Conversations are the real essence of what makes Twitter so unique. The ability to connect with anyone from around the world and jump into conversations is amazing. Talking about it just gets me excited.
That is what I do on Twitter almost every day. You can too!
To find real conversations to jump in. All you have to do is use Twitter advanced search to type in:
• All of these words
• This exact phrase
• Any of these words
Next, in “none of these words” type in ‘http”
It will look something like this:
What putting in http in the “None of these words” will eliminate all links that start with http (most of them) and shows you only REAL conversations that you can jump into when appropriate.
Here’s a sample of me searching for people mentioning coffee.
How amazing is that?
For me, I prefer to use the “exact phrase” search, I get what I am looking for most of the time with this.
I recommend you experiment with different approaches based on your search goals.
By monitoring live conversations, you can take advantage of opportunities in real time.
You can even find leads for your business using this search method.
Let’s say you own a local pizzeria and are marketing it on Twitter. By setting up a dedicated search, you can find the people trying to find you!
Just by doing a quick search of mentions of “pizza” near Tampa, you can see there are opportunities to start conversations and let people know how to find you.
Plus, do you see that Tweet second from the bottom in the screenshot above? That’s the tail end of a business using this technique very nicely.
Check out the entire conversation:
Slice Masters Pizza found a random Tweet about a different local restaurant and created a conversation around it.
Now, I’m not friends with Slice Masters and I don’t know if they used advanced search to find this tweet. What I can say is they nailed it when it comes to reaching out and spreading brand awareness.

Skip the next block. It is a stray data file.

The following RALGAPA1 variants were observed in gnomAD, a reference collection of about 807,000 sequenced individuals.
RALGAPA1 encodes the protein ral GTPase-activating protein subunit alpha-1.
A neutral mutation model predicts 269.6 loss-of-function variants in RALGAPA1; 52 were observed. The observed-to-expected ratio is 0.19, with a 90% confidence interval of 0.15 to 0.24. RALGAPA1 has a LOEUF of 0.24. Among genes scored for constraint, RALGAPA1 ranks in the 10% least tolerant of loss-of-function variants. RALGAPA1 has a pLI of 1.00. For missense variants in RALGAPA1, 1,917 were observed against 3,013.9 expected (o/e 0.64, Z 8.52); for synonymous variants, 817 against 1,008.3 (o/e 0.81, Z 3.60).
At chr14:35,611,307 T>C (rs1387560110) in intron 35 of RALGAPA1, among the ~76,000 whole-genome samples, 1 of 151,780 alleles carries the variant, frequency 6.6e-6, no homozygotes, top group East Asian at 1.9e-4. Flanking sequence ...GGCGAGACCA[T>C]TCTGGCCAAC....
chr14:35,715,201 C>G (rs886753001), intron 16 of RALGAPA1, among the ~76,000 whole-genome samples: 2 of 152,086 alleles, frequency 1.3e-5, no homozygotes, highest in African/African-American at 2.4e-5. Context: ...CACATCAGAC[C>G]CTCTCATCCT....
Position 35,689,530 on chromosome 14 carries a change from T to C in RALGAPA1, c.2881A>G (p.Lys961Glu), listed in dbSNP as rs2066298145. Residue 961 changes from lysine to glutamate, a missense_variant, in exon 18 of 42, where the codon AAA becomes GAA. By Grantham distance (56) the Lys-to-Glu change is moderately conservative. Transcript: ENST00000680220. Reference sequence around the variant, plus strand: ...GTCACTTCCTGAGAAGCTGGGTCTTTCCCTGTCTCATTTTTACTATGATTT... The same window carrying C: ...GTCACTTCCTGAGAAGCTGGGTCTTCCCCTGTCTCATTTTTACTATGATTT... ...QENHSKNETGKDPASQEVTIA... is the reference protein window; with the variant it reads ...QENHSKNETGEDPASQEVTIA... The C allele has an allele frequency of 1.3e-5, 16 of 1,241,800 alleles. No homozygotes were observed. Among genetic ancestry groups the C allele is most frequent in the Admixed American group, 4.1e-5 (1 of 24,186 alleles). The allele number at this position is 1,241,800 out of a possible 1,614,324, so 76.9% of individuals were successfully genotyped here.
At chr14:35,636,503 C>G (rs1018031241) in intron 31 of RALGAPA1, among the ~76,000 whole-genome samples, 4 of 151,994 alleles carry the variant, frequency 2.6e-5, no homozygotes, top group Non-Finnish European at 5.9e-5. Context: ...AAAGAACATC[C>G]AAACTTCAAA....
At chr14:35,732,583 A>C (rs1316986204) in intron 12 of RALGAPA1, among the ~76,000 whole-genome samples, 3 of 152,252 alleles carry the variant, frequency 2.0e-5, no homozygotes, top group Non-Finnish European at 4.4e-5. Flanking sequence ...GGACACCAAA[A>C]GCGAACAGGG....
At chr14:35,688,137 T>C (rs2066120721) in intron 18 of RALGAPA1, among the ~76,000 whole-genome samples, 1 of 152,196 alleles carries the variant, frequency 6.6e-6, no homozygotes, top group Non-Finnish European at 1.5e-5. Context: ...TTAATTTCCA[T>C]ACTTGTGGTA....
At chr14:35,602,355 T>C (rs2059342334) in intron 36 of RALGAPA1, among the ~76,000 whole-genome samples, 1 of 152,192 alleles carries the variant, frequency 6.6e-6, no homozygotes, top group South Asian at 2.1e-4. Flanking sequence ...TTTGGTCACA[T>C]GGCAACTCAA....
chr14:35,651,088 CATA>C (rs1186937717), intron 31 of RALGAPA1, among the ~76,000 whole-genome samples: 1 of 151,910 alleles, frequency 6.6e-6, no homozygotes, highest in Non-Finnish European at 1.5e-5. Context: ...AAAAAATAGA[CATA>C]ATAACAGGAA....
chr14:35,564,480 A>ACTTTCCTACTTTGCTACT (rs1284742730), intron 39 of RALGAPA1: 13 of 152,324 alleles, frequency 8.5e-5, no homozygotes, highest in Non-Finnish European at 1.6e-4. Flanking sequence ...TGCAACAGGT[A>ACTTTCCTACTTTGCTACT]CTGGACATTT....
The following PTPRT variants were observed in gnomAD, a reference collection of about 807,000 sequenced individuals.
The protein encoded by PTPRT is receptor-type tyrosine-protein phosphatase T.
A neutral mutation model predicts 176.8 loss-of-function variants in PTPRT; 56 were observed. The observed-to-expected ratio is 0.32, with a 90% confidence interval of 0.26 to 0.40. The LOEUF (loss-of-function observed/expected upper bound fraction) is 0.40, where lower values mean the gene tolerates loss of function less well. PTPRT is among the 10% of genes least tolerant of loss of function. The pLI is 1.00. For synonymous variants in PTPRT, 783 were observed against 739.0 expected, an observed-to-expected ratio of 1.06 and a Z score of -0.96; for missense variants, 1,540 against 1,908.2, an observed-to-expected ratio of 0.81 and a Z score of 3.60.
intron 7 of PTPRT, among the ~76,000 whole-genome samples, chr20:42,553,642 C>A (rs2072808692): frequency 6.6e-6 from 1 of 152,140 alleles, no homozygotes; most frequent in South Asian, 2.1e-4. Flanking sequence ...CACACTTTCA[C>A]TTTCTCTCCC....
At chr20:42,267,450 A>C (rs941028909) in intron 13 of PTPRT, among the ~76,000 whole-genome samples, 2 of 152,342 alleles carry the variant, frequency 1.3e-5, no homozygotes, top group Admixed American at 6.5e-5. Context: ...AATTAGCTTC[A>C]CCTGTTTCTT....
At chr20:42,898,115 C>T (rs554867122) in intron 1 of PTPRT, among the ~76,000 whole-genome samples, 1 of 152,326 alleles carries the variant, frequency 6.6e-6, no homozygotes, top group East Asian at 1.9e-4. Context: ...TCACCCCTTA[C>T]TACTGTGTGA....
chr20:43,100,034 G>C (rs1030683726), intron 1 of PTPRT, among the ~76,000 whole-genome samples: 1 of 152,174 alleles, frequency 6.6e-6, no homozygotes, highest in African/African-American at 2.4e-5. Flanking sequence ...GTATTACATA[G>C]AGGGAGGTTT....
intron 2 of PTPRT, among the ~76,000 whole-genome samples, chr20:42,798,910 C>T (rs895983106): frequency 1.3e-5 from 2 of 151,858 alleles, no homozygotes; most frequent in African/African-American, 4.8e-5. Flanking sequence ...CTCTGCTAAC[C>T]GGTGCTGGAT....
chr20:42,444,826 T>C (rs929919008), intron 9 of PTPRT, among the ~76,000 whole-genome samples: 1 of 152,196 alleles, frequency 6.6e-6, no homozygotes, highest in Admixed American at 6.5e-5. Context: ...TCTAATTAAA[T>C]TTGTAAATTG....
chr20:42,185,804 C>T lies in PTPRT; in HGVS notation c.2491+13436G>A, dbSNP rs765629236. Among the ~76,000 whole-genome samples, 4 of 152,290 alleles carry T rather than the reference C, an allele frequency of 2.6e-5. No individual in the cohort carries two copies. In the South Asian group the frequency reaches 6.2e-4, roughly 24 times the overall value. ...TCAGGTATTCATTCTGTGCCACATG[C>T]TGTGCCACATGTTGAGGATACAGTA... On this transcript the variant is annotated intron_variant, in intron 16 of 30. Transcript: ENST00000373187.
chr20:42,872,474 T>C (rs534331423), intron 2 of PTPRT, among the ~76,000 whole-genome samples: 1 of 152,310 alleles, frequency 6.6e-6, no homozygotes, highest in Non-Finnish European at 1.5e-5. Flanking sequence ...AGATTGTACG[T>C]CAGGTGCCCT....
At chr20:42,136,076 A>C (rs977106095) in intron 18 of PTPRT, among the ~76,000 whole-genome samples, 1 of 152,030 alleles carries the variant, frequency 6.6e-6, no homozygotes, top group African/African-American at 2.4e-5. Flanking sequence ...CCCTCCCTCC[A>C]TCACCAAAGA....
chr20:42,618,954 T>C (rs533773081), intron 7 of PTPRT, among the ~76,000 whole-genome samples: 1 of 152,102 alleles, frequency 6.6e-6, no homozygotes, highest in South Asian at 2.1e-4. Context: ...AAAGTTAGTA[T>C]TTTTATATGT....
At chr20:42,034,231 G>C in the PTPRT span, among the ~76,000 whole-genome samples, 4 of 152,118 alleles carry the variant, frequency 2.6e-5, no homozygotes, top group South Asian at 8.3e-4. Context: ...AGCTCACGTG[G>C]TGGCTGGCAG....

2. Search for Tweets Mentioning Your Company
Similar to earlier, all you have to do is key in your company name. This time use “any of these words,” type in your company name and other keywords which you think people would search for when searching for your company (e.g. @starbucks, starbucks).
Then type “http” into the “none of these words” field.
Again, this will take away tweets that have links starting with http (almost all of them).
If you have a presence on Twitter, you need to know when people are talking about you.
If people are mentioning you on Twitter, it almost always calls for a response.
When people show you love, reciprocate. Let them know their positive feedback was received and appreciated. I like using GIFs. They’re fun, easy and show you care more than a standard “thanks” tweet.
On the other hand, if someone mentions your business in a negative way, you really need to know that. Consumers are turning to social media for customers service more and more and that trend will only grow in the coming years.
By using advanced search, you can monitor for mentions of your brand even when you’re not tagged. By searching for all the ways someone might refer to your business in a tweet you’ll never miss a mention.
3. Search for People Tweeting Your Content
Since not everyone that shares your content would include your Twitter handle, what you can do is search for it instead.
This search is pretty straight forward. Just find the exact URL of your blog post or the headline/title of your blog post.
One trick I like to search for who’s sharing my competitors’ materials on Twitter. I’ll then engage and follow those people.
You can also categorize these accounts into Twitter lists for to tag in future tweets. When people share one of your posts, add them to a Twitter list centered around the topic of the post.